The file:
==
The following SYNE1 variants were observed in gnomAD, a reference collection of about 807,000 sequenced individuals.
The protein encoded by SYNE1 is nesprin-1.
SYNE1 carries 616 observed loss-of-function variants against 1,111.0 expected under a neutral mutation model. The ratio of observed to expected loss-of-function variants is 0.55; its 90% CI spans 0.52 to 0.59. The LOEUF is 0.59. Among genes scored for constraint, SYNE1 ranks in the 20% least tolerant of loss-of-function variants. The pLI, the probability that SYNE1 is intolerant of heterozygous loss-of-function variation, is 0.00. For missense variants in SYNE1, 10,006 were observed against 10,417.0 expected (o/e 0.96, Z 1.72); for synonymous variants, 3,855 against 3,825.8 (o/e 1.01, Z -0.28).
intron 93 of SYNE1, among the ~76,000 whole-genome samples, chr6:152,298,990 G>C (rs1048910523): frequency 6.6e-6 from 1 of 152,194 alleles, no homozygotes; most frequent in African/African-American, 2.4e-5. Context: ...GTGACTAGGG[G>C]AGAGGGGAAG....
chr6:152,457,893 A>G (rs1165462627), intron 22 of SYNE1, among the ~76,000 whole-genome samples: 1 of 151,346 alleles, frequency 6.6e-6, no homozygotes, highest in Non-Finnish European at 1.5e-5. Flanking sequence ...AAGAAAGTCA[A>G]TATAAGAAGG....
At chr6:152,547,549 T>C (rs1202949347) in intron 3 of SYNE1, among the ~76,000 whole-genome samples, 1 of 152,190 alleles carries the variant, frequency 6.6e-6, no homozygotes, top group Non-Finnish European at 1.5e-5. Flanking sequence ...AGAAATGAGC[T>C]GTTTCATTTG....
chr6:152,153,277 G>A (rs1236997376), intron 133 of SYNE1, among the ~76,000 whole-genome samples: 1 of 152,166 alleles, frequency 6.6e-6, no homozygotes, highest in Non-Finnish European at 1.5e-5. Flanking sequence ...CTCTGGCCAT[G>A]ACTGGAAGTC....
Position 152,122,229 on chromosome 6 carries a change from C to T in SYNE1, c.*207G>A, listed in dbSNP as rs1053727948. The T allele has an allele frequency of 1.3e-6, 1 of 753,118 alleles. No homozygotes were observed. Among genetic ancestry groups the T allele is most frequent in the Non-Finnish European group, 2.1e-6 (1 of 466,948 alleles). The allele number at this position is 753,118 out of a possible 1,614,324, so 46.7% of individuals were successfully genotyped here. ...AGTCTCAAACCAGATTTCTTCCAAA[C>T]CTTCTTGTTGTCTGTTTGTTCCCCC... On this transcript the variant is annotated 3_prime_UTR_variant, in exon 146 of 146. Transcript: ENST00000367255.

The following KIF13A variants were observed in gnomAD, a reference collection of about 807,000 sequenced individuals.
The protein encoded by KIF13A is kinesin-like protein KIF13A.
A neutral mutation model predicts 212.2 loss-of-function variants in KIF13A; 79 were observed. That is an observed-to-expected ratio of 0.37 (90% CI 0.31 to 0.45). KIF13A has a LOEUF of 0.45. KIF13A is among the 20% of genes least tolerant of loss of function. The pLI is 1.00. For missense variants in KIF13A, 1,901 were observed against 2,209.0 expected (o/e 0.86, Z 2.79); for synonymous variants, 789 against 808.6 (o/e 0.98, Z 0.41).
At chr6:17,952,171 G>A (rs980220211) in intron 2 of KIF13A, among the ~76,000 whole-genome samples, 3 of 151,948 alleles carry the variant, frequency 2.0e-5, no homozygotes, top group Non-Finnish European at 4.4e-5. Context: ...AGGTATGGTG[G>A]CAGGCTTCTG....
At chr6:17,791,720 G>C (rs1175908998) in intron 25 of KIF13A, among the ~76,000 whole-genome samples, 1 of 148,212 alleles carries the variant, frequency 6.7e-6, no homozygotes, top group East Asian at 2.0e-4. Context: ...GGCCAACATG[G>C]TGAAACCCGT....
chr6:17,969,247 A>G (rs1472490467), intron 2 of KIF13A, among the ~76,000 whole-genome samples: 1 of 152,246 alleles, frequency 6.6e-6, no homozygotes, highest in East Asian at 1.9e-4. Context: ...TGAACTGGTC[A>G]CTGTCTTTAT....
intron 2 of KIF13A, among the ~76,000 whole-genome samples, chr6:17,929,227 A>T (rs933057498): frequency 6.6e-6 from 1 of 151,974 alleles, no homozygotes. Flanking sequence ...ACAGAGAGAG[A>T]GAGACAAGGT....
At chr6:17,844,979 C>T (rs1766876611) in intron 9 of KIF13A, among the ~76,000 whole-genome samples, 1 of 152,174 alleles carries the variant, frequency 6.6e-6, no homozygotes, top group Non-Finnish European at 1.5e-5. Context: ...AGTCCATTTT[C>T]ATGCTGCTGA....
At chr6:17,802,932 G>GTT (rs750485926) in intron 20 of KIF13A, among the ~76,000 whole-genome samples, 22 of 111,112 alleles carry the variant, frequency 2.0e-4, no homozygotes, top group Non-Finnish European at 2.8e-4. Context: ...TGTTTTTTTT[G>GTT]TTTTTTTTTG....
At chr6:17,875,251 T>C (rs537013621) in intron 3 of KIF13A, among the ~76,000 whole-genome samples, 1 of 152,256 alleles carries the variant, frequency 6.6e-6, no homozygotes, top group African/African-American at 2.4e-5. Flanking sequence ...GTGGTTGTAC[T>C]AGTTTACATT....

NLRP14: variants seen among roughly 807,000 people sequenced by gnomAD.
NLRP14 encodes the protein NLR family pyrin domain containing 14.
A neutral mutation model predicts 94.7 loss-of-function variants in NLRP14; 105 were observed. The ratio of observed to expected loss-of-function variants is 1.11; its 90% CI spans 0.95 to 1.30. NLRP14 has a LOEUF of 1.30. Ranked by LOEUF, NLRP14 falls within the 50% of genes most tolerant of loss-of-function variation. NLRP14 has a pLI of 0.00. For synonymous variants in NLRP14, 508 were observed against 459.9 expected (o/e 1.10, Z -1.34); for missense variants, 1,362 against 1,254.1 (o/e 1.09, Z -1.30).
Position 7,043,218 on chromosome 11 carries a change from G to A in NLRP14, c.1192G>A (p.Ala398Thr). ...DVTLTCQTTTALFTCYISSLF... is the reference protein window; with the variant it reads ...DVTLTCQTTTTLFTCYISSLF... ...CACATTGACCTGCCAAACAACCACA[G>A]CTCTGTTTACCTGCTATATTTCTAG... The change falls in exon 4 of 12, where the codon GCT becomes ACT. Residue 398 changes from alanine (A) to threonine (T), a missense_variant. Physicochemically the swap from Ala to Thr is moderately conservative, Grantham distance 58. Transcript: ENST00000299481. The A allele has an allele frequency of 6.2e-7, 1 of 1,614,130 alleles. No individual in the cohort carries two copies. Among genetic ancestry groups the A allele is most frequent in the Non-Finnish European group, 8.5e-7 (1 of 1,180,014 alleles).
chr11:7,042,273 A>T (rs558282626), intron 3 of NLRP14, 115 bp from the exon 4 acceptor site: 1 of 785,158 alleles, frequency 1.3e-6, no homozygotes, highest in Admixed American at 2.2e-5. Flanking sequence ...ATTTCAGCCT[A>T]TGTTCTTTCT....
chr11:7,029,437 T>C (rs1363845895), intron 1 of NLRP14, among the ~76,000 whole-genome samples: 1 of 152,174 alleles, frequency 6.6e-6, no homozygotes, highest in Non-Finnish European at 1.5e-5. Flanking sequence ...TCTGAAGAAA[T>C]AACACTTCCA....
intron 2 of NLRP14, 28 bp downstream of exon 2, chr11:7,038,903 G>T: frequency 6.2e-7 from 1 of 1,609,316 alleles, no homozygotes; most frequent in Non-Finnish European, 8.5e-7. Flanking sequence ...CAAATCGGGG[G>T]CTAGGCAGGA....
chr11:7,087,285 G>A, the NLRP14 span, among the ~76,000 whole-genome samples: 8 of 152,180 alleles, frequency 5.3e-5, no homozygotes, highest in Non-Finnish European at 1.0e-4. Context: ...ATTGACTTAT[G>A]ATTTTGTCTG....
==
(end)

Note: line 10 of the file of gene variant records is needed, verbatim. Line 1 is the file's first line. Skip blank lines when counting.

The protein encoded by KIF13A is kinesin-like protein KIF13A.